“In short, Australia’s judiciary needs, in the national interest, to have available to it a good range of programs of professional development. These programs should place particular emphasis on learning from the experience of others. This is not just for newly appointed judicial officers. It apples to all judicial officers. The programs should assist us to improve our skills in court. They should help us to adjust to changes in society and in society’s expectations of a judiciary. They should address matters that were neglected in the past, although no longer, such as how gender and cultural differences can affect the manner in which justice is administered. The programs should include disability awareness training, so that we can ensure that all Australians are treated equally. Like other professionals we can benefit from assistance in maintaining our health and dealing with stress, to ensure that we remain fully fit for our demanding office. And, importantly, Australia’s judiciary need programs that will,, when appropriate, refresh and rejuvenate its members, to avoid burnout.”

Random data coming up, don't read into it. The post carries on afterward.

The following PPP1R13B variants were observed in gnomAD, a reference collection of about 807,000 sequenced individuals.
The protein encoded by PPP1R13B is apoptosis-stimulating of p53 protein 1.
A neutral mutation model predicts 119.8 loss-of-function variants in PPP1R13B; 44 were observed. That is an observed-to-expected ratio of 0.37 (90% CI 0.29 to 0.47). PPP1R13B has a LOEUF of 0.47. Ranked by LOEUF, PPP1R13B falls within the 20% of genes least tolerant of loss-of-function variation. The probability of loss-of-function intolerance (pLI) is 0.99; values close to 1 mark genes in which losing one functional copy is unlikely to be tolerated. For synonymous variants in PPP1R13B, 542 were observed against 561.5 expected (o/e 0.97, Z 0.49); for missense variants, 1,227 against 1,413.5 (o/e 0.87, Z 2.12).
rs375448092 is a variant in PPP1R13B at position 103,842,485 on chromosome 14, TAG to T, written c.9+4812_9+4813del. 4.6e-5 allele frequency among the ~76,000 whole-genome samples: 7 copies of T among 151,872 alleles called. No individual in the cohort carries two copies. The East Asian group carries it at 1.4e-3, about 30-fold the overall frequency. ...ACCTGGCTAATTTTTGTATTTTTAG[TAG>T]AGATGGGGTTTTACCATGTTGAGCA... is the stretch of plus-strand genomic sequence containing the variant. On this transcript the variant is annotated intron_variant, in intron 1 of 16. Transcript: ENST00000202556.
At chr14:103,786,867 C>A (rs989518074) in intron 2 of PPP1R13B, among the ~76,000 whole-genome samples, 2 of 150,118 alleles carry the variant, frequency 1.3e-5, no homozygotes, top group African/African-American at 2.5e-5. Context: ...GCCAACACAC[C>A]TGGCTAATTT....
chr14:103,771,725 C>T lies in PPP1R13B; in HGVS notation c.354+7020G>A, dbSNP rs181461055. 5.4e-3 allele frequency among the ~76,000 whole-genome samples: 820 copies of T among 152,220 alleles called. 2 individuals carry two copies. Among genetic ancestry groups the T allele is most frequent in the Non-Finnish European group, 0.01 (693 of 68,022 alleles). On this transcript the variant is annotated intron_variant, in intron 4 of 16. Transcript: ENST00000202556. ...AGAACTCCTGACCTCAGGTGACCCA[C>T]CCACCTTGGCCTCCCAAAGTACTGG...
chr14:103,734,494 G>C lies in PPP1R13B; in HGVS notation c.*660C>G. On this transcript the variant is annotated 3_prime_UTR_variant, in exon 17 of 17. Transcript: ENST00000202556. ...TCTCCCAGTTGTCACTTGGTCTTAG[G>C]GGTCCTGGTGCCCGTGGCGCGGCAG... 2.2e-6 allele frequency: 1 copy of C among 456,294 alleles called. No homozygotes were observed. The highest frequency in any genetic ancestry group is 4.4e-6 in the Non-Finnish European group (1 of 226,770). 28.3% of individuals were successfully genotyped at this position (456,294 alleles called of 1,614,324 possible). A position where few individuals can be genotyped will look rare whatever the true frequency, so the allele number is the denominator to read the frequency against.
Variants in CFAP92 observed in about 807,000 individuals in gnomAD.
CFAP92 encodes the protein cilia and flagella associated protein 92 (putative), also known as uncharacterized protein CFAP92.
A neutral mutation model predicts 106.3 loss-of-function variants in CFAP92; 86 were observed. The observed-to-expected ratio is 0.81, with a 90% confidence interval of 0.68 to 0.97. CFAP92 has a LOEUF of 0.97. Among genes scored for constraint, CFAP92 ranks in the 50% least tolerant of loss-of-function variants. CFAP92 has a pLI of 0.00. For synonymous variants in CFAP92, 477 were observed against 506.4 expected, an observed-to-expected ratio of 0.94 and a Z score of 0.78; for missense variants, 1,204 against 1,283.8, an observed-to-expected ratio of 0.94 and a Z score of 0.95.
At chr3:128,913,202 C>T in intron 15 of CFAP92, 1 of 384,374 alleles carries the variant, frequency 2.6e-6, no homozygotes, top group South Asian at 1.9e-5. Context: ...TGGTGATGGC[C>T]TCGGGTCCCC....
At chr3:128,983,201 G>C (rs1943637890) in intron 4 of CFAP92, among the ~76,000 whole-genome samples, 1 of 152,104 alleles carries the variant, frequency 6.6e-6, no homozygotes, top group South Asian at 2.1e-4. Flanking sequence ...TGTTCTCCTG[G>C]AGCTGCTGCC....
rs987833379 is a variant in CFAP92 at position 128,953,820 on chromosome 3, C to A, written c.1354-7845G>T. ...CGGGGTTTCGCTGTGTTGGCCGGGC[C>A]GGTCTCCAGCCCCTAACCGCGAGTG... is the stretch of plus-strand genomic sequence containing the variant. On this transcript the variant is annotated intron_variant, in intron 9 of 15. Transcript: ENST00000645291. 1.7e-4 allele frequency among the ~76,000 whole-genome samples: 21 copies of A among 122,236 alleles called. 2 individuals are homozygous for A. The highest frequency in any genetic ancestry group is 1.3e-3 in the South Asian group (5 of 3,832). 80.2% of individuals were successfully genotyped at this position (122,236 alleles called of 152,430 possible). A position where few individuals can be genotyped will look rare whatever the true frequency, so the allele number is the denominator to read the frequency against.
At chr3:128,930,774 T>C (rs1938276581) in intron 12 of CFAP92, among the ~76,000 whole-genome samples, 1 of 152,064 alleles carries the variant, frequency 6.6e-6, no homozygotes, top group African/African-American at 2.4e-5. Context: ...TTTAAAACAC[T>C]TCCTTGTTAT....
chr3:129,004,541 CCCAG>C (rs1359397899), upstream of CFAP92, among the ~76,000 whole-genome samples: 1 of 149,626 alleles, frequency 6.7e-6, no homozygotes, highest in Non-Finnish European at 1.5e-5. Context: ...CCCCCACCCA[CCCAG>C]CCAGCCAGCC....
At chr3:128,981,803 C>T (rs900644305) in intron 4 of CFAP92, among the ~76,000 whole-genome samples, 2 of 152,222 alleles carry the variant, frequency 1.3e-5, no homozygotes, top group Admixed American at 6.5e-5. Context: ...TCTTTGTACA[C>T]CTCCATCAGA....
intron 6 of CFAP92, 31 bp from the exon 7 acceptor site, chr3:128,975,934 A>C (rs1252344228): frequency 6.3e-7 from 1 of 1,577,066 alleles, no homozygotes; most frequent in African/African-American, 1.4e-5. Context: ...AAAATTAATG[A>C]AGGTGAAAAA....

This is a refreshing statement of principle from the new National Judicial College, for Doyle CJ expressly refers to the two aspects of judicial learning. This need to learn about changes in society and society’s expectations of judges, as well as about how to be a better judge, was recognised a decade ago in the United Kingdom by the Judicial Studies Board. Kate Malleson cites the Board’s Chair as saying:
“Twenty years ago, a majority of judges would have denied there was any need for judicial training. Today, only a minority would share that view.”
And writes that:
“… the Board intends to increase the frequency of its refresher courses and to develop the fields of race and gender awareness. More generally, it is seeking to adapt existing training to ensure the fair treatment of unrepresented parties, witnesses, jurors, victims and their families, children and those with disabilities.”